Experiencing severe cramping on the 13th after administering the misoprostol, she called the clinic hotline, who told her the symptoms were normal and prescribed Tylenol with Codeine. When that failed to resolve the issue, she called again and was told to go the hospital if the pain failed to abate.

Still cramping and bleeding, Holly went to the emergency room on the following day. After telling the attending physician she was undergoing a chemical abortion, the doctor gave her an injection of narcotics and sent her home.

The pain increased and her condition worsened to the point where Holly was weak, vomiting, and unable to walk. She was readmitted to the hospital early in the morning of September 17. She would die later that day when a massive, undetected Clostridium sordellii infection overwhelmed her body.

Her father only learned of the abortion–and her taking the abortion drugs –when he showed up at the hospital to spend with her what turned out to be the last few moments of her life.

Patterson approaches this deeply emotional subject not as someone taking a position on abortion, but simply as a grief-stricken father who feels that women are entitled to know the real risks associated with chemical abortions. On both the opening home page and later in sharing Holly’s story, Patterson declares:

No woman should have to risk her life or her health because she lacks factual and accurate medical abortion information to make a well-informed decision when terminating an early pregnancy with Mifepristone and Misoprostol.

Patterson says that the website, set up in memory of his daughter, “is a way for women and families to learn about the risks of medical abortion and to be able to share their experience and story with others.”

Using official Food and Drug Administration (FDA) documents, the website lays out in detail the added risks that may come with “off-label” uses of the drugs. This refers to the adoption of regimens that deviate from the FDA- approved protocols by altered dosages and administration methods of the drugs – variations that are common in the U.S. and were employed in Holly Patterson’s case. It is information a woman is very unlikely to hear at the clinic.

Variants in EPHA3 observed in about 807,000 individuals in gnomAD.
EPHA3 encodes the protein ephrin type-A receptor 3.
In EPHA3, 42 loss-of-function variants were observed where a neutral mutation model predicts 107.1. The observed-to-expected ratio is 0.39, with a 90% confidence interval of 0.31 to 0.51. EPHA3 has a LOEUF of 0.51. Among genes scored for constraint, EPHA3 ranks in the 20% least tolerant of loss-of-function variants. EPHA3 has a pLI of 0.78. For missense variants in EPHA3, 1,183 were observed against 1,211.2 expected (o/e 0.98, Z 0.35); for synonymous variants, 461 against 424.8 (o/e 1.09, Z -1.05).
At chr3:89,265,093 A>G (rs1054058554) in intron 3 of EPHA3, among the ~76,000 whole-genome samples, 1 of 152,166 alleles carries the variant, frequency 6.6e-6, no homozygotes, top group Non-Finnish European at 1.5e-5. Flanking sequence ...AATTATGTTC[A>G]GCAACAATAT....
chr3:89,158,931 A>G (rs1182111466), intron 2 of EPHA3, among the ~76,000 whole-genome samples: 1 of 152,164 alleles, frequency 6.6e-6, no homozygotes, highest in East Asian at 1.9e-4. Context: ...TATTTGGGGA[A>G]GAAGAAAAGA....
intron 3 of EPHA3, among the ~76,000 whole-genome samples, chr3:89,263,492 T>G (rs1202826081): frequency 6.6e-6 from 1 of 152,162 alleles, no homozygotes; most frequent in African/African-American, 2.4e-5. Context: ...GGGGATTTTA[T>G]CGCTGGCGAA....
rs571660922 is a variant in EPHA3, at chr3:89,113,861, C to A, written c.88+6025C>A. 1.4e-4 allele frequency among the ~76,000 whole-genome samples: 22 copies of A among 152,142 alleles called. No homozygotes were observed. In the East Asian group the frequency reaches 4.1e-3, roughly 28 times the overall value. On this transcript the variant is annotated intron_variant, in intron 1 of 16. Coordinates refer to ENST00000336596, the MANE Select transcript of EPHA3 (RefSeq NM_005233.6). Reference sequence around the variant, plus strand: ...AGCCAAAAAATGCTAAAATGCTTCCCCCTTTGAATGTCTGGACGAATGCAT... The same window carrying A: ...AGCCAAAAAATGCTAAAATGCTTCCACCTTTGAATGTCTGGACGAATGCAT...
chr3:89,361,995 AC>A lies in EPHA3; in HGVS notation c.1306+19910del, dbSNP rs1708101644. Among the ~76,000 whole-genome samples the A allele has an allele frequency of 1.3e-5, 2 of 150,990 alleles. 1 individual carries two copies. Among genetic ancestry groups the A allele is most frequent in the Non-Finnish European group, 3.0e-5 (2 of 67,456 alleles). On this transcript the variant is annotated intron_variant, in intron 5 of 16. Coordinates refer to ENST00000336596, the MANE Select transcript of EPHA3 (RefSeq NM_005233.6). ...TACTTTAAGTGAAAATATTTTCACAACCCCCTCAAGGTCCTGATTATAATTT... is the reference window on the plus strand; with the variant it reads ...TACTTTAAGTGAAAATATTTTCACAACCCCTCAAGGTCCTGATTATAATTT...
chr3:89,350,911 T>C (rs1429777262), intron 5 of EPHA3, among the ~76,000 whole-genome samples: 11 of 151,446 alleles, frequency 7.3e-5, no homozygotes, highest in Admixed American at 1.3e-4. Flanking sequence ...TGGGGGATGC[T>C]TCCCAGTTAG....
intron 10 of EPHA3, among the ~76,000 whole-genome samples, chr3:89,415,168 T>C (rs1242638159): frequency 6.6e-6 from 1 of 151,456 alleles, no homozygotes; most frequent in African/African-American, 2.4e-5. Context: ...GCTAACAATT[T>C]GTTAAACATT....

A short video uses terms that pro-lifers may not like (“medical abortion,” “terminating an early pregnancy”), but does a good job of explaining how the drugs work and illustrating how the chemical abortion process may expose a woman to serious infection risks.

Pro-lifers may have heard some of this information before, but the website is worth visiting simply for the extensive medical detail and documentation.

Patterson says on the website that

“Medical abortion is promoted as safe and effective. The information she was able to obtain about medical abortion cost Holly her life. Holly was an intelligent young woman. She could have made a better choice if she had accurate facts about the mifepristone abortion pill to terminate pregnancy.”

Repeatedly, Patterson says that he wishes to insure that “Holly did not die in vain.” The website is one way Patterson means to honor his daughter’s memory.

“Holly felt it was important to share her time and help people in life. In her death, much has been learned from Holly’s and other women’s medical abortion experience. The information deserves to be shared.”